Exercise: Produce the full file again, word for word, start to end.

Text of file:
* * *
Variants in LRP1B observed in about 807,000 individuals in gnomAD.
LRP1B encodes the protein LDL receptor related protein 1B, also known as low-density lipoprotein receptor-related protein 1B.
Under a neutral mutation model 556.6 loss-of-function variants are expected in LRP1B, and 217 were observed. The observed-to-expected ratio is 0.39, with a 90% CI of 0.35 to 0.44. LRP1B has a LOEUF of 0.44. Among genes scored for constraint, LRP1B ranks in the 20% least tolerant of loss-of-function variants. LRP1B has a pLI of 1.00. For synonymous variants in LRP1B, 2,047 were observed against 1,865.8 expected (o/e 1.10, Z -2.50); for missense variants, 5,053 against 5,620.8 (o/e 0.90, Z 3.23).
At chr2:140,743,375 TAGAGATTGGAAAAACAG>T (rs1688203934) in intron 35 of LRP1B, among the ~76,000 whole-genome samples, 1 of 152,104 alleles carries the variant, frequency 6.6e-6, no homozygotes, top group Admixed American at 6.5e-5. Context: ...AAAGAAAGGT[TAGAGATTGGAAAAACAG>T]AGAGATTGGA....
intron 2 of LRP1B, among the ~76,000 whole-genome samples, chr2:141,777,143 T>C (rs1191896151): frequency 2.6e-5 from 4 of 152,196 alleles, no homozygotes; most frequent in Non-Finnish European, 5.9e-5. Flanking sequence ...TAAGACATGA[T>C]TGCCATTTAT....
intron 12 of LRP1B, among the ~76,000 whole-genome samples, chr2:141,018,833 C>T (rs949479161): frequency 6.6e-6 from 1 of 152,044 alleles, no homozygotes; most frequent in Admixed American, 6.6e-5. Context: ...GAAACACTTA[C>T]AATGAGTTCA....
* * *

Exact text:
Variants in LRP1B observed in about 807,000 individuals in gnomAD.
LRP1B encodes the protein LDL receptor related protein 1B, also known as low-density lipoprotein receptor-related protein 1B.
Under a neutral mutation model 556.6 loss-of-function variants are expected in LRP1B, and 217 were observed. The observed-to-expected ratio is 0.39, with a 90% CI of 0.35 to 0.44. LRP1B has a LOEUF of 0.44. Among genes scored for constraint, LRP1B ranks in the 20% least tolerant of loss-of-function variants. LRP1B has a pLI of 1.00. For synonymous variants in LRP1B, 2,047 were observed against 1,865.8 expected (o/e 1.10, Z -2.50); for missense variants, 5,053 against 5,620.8 (o/e 0.90, Z 3.23).
At chr2:140,743,375 TAGAGATTGGAAAAACAG>T (rs1688203934) in intron 35 of LRP1B, among the ~76,000 whole-genome samples, 1 of 152,104 alleles carries the variant, frequency 6.6e-6, no homozygotes, top group Admixed American at 6.5e-5. Context: ...AAAGAAAGGT[TAGAGATTGGAAAAACAG>T]AGAGATTGGA....
intron 2 of LRP1B, among the ~76,000 whole-genome samples, chr2:141,777,143 T>C (rs1191896151): frequency 2.6e-5 from 4 of 152,196 alleles, no homozygotes; most frequent in Non-Finnish European, 5.9e-5. Flanking sequence ...TAAGACATGA[T>C]TGCCATTTAT....
intron 12 of LRP1B, among the ~76,000 whole-genome samples, chr2:141,018,833 C>T (rs949479161): frequency 6.6e-6 from 1 of 152,044 alleles, no homozygotes; most frequent in Admixed American, 6.6e-5. Context: ...GAAACACTTA[C>T]AATGAGTTCA....